Some of the women I met became disabled because of the abuse they suffered. While they could access transition houses, they found it challenging to navigate systems and find work.
I remember driving home from one of the meetings in a rural community. I was thinking about those women we couldn’t reach and what those women could do without a car or access to transportation, no cellphone, and no way to get into a safe space at a transition house.
There were good outcomes at these meetings, too, which became informal support networks for a couple of hours. Women were able to connect directly with women who worked at various organizations. They asked them questions and got advice. I’d like to see communities somehow do this more often, although I know this happens at women’s centres and transition houses.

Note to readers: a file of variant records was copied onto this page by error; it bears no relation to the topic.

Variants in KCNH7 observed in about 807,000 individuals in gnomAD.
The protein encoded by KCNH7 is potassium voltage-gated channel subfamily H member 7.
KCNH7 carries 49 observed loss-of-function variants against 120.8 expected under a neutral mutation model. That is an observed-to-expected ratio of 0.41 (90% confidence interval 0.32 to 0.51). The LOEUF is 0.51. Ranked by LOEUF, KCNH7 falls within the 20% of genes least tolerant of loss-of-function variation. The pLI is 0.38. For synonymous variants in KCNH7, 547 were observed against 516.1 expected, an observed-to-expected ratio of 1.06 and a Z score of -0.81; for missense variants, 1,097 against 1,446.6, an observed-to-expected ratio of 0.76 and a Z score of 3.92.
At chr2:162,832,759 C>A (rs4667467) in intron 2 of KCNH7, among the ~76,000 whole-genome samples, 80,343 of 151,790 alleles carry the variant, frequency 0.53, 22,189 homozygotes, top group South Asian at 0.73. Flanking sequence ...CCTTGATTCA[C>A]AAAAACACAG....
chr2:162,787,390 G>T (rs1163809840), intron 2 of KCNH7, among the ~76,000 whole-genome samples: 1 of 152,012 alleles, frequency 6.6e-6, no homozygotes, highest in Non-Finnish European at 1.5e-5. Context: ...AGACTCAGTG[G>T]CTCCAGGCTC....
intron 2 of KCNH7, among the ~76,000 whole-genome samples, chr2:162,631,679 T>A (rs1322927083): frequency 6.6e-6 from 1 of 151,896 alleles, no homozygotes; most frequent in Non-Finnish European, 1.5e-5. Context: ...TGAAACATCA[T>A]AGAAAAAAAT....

I think all of the women were glad to have a place at the table and to have someone listen to their stories. It was incredibly brave for all of them to share their stories with me, a stranger.
The staff I met with were invaluable to these conversations. They work directly with these women every day and do everything they can to get women into transition houses and other services.